Now we have a fundamental choice to make: either we choose to switch streams with no transcoding, but require the participants to be homogenous in what they send and receive (I have covered the reasons in earlier posts in this series). Or we allow variation in the capabilities of the endpoints joining the conference, and we thus do transcoding as well. If we only switch, we still need to allow “outsiders” (aka interop), but we typically do that through a gateway that removes variance on the switched conference side. The effect of that is that it is easier to optimise the experience for “native” participants, while the “outsider” participants get an inferior experience.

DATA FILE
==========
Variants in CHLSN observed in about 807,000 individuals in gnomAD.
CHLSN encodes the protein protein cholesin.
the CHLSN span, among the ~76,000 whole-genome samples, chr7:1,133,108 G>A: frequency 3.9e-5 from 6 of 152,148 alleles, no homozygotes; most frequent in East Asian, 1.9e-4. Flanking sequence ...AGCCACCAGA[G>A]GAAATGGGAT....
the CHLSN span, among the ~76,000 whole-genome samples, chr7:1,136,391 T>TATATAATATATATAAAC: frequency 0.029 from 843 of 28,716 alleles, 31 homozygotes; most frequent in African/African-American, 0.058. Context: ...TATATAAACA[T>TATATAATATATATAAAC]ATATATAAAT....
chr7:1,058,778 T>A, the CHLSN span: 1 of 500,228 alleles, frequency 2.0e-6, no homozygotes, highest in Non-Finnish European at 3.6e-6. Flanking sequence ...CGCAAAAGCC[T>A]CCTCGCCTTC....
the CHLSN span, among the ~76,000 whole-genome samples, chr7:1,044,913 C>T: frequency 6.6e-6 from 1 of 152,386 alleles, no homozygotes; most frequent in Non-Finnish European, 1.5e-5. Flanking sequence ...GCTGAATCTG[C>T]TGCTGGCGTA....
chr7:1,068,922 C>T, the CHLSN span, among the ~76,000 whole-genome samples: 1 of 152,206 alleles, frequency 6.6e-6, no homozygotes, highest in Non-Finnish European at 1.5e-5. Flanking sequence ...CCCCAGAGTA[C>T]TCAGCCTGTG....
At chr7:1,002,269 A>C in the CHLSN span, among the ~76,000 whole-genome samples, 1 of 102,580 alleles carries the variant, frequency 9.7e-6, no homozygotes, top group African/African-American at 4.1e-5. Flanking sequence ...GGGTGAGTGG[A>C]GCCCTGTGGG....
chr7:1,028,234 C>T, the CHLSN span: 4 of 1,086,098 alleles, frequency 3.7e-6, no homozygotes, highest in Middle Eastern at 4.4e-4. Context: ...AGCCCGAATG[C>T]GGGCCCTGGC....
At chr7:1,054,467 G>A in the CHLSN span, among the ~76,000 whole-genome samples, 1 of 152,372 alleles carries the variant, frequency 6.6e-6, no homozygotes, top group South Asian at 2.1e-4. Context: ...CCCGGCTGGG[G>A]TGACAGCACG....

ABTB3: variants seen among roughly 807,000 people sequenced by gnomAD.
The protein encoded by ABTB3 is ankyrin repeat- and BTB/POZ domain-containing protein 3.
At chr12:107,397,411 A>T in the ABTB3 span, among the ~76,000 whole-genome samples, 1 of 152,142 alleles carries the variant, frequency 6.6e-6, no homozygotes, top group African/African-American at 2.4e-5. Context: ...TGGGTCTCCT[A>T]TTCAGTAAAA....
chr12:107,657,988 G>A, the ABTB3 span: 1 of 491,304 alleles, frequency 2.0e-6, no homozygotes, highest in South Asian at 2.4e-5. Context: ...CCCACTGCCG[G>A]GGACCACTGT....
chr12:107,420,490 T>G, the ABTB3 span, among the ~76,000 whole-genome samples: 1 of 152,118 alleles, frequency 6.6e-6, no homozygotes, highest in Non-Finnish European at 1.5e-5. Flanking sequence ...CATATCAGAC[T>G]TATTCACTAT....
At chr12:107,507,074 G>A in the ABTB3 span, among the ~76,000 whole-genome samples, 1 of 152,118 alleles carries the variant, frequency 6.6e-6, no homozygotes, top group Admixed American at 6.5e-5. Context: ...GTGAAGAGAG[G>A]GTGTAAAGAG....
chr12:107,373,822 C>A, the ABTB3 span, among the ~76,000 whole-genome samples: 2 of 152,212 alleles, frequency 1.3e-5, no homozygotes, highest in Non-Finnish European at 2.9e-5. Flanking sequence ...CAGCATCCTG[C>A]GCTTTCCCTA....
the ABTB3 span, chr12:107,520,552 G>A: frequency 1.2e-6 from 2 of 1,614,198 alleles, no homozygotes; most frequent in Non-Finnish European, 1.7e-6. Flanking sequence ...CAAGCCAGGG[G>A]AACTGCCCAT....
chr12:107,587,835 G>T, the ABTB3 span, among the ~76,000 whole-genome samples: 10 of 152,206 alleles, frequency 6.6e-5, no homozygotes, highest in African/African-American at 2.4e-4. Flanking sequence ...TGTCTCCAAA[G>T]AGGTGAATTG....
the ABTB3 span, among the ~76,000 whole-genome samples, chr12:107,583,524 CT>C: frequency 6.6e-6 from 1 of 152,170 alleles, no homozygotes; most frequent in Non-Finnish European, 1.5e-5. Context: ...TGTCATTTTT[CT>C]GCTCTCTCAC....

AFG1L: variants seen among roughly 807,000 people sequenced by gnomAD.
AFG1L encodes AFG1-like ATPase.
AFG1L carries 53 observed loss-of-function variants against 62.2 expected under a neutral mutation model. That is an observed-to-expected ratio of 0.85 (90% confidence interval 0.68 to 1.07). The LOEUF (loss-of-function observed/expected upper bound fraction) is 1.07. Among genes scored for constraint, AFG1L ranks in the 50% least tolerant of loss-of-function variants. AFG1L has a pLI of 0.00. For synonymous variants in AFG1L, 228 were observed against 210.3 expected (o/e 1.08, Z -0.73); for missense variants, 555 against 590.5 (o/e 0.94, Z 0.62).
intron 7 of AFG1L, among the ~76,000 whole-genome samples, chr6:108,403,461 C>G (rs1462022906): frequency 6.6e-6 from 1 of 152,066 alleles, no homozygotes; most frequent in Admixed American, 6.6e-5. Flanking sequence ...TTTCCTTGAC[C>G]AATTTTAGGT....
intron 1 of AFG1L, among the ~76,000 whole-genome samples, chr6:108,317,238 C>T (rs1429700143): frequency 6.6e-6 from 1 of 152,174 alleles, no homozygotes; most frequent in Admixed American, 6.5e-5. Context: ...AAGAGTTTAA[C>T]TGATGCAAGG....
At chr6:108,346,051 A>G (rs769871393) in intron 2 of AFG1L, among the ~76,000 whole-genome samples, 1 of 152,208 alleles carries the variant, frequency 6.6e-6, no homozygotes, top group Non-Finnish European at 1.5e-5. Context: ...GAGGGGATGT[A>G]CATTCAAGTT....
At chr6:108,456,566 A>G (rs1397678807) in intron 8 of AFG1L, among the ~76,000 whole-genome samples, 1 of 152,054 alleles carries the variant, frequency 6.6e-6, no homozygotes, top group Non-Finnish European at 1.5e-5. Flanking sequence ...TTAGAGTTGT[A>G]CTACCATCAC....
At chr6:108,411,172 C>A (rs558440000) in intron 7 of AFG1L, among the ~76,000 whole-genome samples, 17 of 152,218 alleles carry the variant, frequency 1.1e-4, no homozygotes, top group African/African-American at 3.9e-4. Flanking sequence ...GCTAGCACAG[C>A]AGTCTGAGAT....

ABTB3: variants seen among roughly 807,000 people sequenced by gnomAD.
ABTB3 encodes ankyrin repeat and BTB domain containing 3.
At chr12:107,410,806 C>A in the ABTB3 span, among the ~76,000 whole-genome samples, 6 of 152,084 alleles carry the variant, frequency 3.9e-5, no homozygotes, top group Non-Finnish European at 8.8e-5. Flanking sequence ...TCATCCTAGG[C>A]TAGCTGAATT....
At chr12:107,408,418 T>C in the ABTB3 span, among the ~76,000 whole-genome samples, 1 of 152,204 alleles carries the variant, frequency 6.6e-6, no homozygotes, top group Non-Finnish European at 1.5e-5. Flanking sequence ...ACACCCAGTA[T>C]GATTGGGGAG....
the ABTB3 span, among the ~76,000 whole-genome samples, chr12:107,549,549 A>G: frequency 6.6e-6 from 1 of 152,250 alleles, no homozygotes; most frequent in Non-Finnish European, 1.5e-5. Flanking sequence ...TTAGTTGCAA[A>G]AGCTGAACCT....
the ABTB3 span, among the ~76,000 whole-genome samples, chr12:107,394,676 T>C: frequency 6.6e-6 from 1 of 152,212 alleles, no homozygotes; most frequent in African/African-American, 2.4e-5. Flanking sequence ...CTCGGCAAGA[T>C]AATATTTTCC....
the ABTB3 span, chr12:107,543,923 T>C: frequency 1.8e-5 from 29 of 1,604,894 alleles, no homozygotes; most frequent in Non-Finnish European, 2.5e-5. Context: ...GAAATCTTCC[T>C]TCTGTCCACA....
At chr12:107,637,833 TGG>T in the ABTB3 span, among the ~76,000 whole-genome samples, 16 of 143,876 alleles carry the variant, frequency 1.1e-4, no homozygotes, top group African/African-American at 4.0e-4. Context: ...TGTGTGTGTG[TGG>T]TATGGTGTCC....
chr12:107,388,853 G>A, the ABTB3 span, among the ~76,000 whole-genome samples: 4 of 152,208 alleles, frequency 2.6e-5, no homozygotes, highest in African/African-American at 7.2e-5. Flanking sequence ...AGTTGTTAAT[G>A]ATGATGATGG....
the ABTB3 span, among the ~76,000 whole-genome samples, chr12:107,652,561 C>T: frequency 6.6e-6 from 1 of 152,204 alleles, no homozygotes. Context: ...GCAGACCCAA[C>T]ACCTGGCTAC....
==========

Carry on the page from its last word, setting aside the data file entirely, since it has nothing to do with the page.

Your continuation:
The hybrid bridge supports both switching and transcoding (and of course here, I assume multi stream). For each participant, the bridge can either allocate transcoding resources or switching resources. Or, the bridge can treat a participant as a switched participant for the purpose of sending streams back, but transcode the incoming video from the participant, maybe because it is a H.265 encoded stream or a single stream over a mobile network with bad connectivity. The bridge can then make a full sized optimised stream when the participant is the loudest speaker, but also create a thumbnail video stream for participants that wants to show the participant in a PIP (Picture in Picture) without requiring extra capabilities on the mobile device (or using extra bandwidth to transfer both resolutions). There are many possibilities and corner cases that can be handled, but the important consequence is that all participants get an optimised user experience, including the classic, non-multi stream participant that may opt for a classic 3×3 tile thumbnail presentation of the participants.